Artistic representation of quantum entanglement between two 'hot' qubits. The three electrodes at the top of the figure are made using standard techniques. Enabling qubits to operate at practical temperatures is a major step towards scalable quantum technology. Image Credit: QuTech
Through the first concepts introduced by Richard Feynman and Yuri Manin in the 1980s, the quantum computer has been esteemed as the future of computing and the future of technology. Though it holds up an immense calculation power, engineering a quantum computer that can operate under normal useable conditions is no an easy task.
One of the obstacles for scientists about quantum computers is the issue of extremely low temperatures that it needs to be in operation. Quantum computers basically rely on quantum states which are incredibly fragile. Any slightest disturbance can cause the information encoded in them to be lost so they have to run at such low temperatures and for this, devices are chilled to near absolute zero where vibrations and thermal fluctuation are almost non-existent. But reaching these low temperatures requires incredibly powerful refrigeration technology and also the electronics that power may not run at such low temperatures.
Also, the power of a quantum computer will be constrained by the involved cooling process or simply by the coldness at which it is operating. This is because at the extreme cold temperature the electronic components that are required to control the qubits do not work and extreme cold will add additional complications to the system. So, the electronics at the quantum computer needs to be kept in a warmer location and connected to the quantum chip with the wiring. But this wiring would become unreasonably complex as quantum computers scale up at a warmer temperature. Hence, for the Veldhorst team, the challenge was to find a temperature at which both the qubits and the electronics can function.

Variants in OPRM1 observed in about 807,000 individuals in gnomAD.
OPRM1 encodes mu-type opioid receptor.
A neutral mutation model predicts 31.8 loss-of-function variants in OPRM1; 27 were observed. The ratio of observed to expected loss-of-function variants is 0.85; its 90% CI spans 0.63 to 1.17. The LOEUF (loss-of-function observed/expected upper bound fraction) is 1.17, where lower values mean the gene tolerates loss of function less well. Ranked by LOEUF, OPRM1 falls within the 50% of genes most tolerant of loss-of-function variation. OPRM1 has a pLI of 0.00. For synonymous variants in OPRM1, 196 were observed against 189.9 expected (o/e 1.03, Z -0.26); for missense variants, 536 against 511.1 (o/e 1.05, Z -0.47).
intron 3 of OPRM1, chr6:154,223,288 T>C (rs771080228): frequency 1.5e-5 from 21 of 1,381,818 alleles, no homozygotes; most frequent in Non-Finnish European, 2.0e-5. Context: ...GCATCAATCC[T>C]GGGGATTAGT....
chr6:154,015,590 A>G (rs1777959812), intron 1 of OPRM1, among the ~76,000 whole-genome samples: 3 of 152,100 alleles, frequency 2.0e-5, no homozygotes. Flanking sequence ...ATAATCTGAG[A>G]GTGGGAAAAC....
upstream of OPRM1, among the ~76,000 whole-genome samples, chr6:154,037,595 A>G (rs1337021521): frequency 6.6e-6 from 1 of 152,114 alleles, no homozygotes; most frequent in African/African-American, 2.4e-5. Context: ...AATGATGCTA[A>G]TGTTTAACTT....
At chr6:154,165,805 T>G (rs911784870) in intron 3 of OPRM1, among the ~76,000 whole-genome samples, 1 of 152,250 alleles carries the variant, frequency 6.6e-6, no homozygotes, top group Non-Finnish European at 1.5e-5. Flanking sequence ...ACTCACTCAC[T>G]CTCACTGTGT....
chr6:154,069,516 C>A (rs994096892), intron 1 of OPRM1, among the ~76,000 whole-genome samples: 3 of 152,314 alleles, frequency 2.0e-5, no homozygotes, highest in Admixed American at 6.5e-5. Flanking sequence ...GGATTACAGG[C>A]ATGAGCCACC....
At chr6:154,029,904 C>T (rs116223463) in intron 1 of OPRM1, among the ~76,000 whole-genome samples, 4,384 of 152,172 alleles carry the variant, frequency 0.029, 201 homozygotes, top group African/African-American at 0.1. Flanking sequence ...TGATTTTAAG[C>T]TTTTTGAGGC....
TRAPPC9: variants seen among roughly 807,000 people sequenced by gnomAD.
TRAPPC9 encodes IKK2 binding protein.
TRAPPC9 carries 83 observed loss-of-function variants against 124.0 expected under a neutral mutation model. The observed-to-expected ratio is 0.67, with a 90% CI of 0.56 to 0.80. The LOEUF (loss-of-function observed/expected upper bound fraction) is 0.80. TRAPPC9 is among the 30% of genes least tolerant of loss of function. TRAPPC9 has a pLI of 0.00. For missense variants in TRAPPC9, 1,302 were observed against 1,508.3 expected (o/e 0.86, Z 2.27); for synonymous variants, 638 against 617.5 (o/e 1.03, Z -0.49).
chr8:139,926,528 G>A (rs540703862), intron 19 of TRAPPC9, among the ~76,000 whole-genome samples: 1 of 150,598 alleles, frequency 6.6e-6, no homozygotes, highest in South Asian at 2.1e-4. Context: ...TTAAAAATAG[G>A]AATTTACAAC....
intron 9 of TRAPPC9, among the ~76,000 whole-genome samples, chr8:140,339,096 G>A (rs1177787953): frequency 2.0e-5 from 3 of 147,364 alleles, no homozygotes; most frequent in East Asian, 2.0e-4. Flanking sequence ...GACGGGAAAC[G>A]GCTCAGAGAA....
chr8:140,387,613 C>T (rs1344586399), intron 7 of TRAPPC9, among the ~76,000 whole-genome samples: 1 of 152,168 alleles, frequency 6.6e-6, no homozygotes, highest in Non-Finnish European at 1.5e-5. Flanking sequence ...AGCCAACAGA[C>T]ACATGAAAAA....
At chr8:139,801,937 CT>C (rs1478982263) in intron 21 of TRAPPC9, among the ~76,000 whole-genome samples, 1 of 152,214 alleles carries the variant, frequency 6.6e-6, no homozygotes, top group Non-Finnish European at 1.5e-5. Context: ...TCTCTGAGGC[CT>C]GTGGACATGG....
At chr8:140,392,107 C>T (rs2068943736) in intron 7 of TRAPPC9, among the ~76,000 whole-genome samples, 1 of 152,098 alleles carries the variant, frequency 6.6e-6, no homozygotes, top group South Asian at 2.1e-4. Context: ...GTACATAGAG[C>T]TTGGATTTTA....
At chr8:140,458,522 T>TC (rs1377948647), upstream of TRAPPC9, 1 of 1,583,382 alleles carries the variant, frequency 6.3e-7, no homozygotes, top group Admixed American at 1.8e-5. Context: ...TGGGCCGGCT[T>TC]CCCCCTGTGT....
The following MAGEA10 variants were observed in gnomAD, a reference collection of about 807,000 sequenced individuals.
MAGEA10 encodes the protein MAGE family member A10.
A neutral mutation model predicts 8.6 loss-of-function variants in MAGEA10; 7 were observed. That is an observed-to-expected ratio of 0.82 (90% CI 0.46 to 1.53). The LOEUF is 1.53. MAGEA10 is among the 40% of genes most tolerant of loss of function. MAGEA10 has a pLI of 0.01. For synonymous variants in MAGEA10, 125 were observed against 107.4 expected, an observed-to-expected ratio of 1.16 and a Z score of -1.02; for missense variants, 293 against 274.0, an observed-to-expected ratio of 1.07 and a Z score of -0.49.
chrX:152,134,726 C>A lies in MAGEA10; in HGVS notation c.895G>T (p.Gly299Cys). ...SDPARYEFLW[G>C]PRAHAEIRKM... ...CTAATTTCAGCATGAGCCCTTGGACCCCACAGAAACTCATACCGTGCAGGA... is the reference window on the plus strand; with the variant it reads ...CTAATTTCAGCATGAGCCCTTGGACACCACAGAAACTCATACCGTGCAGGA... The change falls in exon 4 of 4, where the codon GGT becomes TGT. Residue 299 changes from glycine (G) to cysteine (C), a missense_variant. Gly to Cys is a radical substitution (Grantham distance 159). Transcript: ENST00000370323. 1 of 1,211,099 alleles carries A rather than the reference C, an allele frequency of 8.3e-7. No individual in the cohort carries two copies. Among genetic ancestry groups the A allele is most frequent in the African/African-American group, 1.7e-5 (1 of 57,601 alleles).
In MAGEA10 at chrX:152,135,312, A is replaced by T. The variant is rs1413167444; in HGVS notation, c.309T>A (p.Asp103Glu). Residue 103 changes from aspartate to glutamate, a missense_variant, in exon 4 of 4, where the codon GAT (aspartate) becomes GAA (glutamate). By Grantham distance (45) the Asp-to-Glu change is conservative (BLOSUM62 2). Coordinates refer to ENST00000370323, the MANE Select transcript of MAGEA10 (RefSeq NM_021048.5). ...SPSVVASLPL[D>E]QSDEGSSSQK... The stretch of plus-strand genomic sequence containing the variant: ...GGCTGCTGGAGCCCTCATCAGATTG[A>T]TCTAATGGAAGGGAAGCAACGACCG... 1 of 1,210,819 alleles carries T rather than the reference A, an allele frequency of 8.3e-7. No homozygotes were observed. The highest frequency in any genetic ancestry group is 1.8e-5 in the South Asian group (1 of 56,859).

Researchers led by Menno Veldhorst at QuTech, a collaboration between TU Delft and TNO, and researchers led by Professor Andrew Dzurak from the University of New South Wales, Sydney, have concurrently addressed this problem. Both the research findings were published, separately, in the journal Nature on 15 April 2020.
Menno Veldhorst's team basically designed a new silicon quantum processor and Andrew Dzurak's team designed the system so the silicon quantum processor can operate in temperature above one kelvin.
They both relied on qubits made from silicon. These silicon qubits are considered significantly less well-developed than the superconducting qubits favored by IBM and Google. Veldhorst's team fabricated it with the help of researchers from chipmaker Intel who were co-authors on the Qutech paper. Qubits are the fundamental units of quantum computing and interesting these simultaneously can represent known as a "superposition" of two states that is 1 and 0.
"The other side of the story is to make qubits work at a slightly higher temperature," said Luca Petit, first author and PhD student in the group of Veldhorst. Petit added, "That's exactly what we have achieved at QuTech in collaboration with Intel. This is the first time that we have been able to control qubits in silicon at a higher temperature, and above one Kelvin. The increase in temperature may seem like a small step, but it's a huge leap when it comes to the available cooling capacity. Furthermore, at these temperatures, the qubits no longer have to work in a vacuum, but can be immersed in a liquid, which makes everything much more practical."